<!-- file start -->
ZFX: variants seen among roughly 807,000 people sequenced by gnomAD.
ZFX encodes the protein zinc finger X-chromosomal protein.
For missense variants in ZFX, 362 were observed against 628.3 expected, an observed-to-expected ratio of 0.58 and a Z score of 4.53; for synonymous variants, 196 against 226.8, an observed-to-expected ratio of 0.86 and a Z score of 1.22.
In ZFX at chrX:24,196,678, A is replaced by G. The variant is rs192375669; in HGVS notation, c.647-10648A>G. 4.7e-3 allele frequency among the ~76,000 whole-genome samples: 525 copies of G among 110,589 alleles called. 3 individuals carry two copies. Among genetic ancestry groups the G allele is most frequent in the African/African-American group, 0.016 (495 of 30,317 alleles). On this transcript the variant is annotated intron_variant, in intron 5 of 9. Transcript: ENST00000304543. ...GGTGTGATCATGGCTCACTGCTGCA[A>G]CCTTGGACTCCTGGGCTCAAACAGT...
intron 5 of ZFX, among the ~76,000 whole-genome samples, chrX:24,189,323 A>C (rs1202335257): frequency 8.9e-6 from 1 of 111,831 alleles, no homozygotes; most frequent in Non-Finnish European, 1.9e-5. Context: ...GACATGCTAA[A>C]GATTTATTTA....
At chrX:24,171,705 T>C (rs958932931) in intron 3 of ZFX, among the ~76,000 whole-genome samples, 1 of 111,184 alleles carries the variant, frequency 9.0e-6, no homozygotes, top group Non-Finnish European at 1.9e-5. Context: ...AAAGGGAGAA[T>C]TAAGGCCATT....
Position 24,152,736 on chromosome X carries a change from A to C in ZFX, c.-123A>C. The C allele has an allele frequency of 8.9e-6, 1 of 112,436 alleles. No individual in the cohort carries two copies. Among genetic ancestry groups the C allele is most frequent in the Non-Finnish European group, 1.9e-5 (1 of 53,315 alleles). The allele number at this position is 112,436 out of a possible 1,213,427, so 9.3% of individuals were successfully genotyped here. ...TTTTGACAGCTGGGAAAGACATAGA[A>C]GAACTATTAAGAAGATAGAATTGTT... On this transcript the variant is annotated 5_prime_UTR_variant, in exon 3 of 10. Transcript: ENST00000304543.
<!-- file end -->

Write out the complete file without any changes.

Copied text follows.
ZFX: variants seen among roughly 807,000 people sequenced by gnomAD.
ZFX encodes the protein zinc finger X-chromosomal protein.
For missense variants in ZFX, 362 were observed against 628.3 expected, an observed-to-expected ratio of 0.58 and a Z score of 4.53; for synonymous variants, 196 against 226.8, an observed-to-expected ratio of 0.86 and a Z score of 1.22.
In ZFX at chrX:24,196,678, A is replaced by G. The variant is rs192375669; in HGVS notation, c.647-10648A>G. 4.7e-3 allele frequency among the ~76,000 whole-genome samples: 525 copies of G among 110,589 alleles called. 3 individuals carry two copies. Among genetic ancestry groups the G allele is most frequent in the African/African-American group, 0.016 (495 of 30,317 alleles). On this transcript the variant is annotated intron_variant, in intron 5 of 9. Transcript: ENST00000304543. ...GGTGTGATCATGGCTCACTGCTGCA[A>G]CCTTGGACTCCTGGGCTCAAACAGT...
intron 5 of ZFX, among the ~76,000 whole-genome samples, chrX:24,189,323 A>C (rs1202335257): frequency 8.9e-6 from 1 of 111,831 alleles, no homozygotes; most frequent in Non-Finnish European, 1.9e-5. Context: ...GACATGCTAA[A>C]GATTTATTTA....
At chrX:24,171,705 T>C (rs958932931) in intron 3 of ZFX, among the ~76,000 whole-genome samples, 1 of 111,184 alleles carries the variant, frequency 9.0e-6, no homozygotes, top group Non-Finnish European at 1.9e-5. Context: ...AAAGGGAGAA[T>C]TAAGGCCATT....
Position 24,152,736 on chromosome X carries a change from A to C in ZFX, c.-123A>C. The C allele has an allele frequency of 8.9e-6, 1 of 112,436 alleles. No individual in the cohort carries two copies. Among genetic ancestry groups the C allele is most frequent in the Non-Finnish European group, 1.9e-5 (1 of 53,315 alleles). The allele number at this position is 112,436 out of a possible 1,213,427, so 9.3% of individuals were successfully genotyped here. ...TTTTGACAGCTGGGAAAGACATAGA[A>C]GAACTATTAAGAAGATAGAATTGTT... On this transcript the variant is annotated 5_prime_UTR_variant, in exon 3 of 10. Transcript: ENST00000304543.